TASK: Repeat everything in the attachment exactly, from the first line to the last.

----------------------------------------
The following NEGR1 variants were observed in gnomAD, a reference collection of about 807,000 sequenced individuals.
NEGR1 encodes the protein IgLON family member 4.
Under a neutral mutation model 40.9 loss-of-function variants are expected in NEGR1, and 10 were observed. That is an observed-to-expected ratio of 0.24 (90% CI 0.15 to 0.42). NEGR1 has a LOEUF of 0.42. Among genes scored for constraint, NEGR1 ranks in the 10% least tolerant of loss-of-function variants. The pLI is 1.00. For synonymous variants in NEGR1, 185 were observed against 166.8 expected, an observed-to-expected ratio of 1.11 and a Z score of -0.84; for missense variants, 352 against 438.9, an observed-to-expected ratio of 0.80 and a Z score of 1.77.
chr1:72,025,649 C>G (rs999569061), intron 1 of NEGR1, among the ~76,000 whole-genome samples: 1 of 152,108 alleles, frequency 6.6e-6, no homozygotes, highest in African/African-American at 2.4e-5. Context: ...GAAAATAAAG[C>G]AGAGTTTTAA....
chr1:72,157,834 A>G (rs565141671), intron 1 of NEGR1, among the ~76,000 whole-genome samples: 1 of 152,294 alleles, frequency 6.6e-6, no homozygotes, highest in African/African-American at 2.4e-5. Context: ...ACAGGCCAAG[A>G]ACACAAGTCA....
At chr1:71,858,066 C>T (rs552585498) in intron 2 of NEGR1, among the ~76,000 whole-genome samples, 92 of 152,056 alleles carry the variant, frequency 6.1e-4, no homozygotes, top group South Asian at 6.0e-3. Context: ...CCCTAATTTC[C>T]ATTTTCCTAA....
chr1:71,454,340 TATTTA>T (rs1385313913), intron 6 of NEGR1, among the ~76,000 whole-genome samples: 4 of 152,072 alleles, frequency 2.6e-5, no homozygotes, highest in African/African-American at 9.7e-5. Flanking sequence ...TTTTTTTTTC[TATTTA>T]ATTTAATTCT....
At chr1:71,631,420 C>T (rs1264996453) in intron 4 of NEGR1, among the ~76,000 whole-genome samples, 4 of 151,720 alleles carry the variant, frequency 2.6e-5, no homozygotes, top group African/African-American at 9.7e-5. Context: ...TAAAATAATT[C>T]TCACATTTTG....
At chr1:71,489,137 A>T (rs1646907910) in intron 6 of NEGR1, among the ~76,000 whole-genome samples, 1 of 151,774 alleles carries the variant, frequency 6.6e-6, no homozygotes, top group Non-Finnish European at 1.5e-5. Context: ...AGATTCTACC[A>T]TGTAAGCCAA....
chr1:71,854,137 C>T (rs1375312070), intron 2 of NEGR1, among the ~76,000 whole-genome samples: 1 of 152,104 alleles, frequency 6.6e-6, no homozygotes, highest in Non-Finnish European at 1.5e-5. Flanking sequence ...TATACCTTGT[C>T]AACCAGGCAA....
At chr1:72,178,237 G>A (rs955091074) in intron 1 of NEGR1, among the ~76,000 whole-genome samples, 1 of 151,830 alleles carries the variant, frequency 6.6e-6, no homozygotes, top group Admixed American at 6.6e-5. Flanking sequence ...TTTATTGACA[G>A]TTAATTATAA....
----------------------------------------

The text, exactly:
The following NEGR1 variants were observed in gnomAD, a reference collection of about 807,000 sequenced individuals.
NEGR1 encodes the protein IgLON family member 4.
Under a neutral mutation model 40.9 loss-of-function variants are expected in NEGR1, and 10 were observed. That is an observed-to-expected ratio of 0.24 (90% CI 0.15 to 0.42). NEGR1 has a LOEUF of 0.42. Among genes scored for constraint, NEGR1 ranks in the 10% least tolerant of loss-of-function variants. The pLI is 1.00. For synonymous variants in NEGR1, 185 were observed against 166.8 expected, an observed-to-expected ratio of 1.11 and a Z score of -0.84; for missense variants, 352 against 438.9, an observed-to-expected ratio of 0.80 and a Z score of 1.77.
chr1:72,025,649 C>G (rs999569061), intron 1 of NEGR1, among the ~76,000 whole-genome samples: 1 of 152,108 alleles, frequency 6.6e-6, no homozygotes, highest in African/African-American at 2.4e-5. Context: ...GAAAATAAAG[C>G]AGAGTTTTAA....
chr1:72,157,834 A>G (rs565141671), intron 1 of NEGR1, among the ~76,000 whole-genome samples: 1 of 152,294 alleles, frequency 6.6e-6, no homozygotes, highest in African/African-American at 2.4e-5. Context: ...ACAGGCCAAG[A>G]ACACAAGTCA....
At chr1:71,858,066 C>T (rs552585498) in intron 2 of NEGR1, among the ~76,000 whole-genome samples, 92 of 152,056 alleles carry the variant, frequency 6.1e-4, no homozygotes, top group South Asian at 6.0e-3. Context: ...CCCTAATTTC[C>T]ATTTTCCTAA....
chr1:71,454,340 TATTTA>T (rs1385313913), intron 6 of NEGR1, among the ~76,000 whole-genome samples: 4 of 152,072 alleles, frequency 2.6e-5, no homozygotes, highest in African/African-American at 9.7e-5. Flanking sequence ...TTTTTTTTTC[TATTTA>T]ATTTAATTCT....
At chr1:71,631,420 C>T (rs1264996453) in intron 4 of NEGR1, among the ~76,000 whole-genome samples, 4 of 151,720 alleles carry the variant, frequency 2.6e-5, no homozygotes, top group African/African-American at 9.7e-5. Context: ...TAAAATAATT[C>T]TCACATTTTG....
At chr1:71,489,137 A>T (rs1646907910) in intron 6 of NEGR1, among the ~76,000 whole-genome samples, 1 of 151,774 alleles carries the variant, frequency 6.6e-6, no homozygotes, top group Non-Finnish European at 1.5e-5. Context: ...AGATTCTACC[A>T]TGTAAGCCAA....
chr1:71,854,137 C>T (rs1375312070), intron 2 of NEGR1, among the ~76,000 whole-genome samples: 1 of 152,104 alleles, frequency 6.6e-6, no homozygotes, highest in Non-Finnish European at 1.5e-5. Flanking sequence ...TATACCTTGT[C>T]AACCAGGCAA....
At chr1:72,178,237 G>A (rs955091074) in intron 1 of NEGR1, among the ~76,000 whole-genome samples, 1 of 151,830 alleles carries the variant, frequency 6.6e-6, no homozygotes, top group Admixed American at 6.6e-5. Flanking sequence ...TTTATTGACA[G>A]TTAATTATAA....